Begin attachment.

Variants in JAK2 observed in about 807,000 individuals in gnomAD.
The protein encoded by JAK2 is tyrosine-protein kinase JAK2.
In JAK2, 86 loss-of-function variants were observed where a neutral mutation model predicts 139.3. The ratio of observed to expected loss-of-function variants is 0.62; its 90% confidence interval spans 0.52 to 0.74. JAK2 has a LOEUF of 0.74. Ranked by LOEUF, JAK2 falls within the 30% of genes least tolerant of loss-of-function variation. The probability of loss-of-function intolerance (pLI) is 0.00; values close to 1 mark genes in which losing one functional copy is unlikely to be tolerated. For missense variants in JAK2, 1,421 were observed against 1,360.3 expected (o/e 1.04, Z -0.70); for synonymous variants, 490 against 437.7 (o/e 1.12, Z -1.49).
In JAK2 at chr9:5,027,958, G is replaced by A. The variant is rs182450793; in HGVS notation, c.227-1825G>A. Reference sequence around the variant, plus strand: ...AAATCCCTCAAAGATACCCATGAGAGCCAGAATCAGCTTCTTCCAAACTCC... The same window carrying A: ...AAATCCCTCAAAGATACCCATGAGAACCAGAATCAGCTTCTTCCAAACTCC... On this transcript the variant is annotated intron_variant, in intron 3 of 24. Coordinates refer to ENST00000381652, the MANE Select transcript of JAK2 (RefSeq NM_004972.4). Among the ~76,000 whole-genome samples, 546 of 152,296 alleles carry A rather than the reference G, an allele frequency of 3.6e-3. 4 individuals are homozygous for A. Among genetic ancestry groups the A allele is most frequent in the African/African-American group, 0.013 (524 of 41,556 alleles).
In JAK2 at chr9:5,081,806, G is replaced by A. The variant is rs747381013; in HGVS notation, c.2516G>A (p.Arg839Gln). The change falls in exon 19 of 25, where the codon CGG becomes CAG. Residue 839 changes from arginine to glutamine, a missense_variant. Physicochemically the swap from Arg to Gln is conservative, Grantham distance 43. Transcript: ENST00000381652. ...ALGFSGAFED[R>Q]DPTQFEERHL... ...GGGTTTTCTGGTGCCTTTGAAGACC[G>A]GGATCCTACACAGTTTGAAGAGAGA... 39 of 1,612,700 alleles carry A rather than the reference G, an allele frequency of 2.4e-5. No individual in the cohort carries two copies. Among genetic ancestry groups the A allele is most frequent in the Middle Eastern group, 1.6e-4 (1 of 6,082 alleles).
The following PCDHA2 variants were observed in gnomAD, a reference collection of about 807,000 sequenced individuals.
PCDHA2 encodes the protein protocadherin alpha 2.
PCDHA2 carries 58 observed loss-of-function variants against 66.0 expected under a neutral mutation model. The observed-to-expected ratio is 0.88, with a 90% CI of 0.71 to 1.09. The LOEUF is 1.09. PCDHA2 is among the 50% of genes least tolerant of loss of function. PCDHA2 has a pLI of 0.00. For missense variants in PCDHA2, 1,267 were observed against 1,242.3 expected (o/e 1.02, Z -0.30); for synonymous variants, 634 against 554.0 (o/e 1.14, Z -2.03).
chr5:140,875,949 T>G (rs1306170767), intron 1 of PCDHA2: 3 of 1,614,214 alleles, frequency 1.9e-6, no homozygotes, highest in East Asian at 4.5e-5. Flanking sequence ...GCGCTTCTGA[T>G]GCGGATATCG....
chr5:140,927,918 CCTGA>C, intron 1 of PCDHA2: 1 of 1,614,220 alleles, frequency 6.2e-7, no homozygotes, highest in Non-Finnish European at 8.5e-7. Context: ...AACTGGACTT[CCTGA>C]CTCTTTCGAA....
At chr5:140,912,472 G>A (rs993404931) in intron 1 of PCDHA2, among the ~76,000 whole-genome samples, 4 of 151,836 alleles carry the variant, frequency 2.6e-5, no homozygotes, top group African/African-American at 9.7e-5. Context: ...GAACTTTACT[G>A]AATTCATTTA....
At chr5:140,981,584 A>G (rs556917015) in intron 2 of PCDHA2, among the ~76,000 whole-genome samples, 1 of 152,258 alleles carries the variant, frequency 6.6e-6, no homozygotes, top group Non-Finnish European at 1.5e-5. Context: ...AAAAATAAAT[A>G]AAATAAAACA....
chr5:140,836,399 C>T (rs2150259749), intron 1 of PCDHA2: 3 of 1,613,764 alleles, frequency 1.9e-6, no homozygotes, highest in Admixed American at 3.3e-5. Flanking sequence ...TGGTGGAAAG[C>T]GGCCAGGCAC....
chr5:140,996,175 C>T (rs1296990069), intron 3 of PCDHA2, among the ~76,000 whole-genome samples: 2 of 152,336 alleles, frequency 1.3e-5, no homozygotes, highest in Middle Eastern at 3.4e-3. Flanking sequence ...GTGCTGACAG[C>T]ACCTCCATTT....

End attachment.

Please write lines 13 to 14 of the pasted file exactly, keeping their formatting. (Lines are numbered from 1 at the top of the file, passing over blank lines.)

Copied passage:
chr5:140,836,399 C>T (rs2150259749), intron 1 of PCDHA2: 3 of 1,613,764 alleles, frequency 1.9e-6, no homozygotes, highest in Admixed American at 3.3e-5. Flanking sequence ...TGGTGGAAAG[C>T]GGCCAGGCAC....
chr5:140,996,175 C>T (rs1296990069), intron 3 of PCDHA2, among the ~76,000 whole-genome samples: 2 of 152,336 alleles, frequency 1.3e-5, no homozygotes, highest in Middle Eastern at 3.4e-3. Flanking sequence ...GTGCTGACAG[C>T]ACCTCCATTT....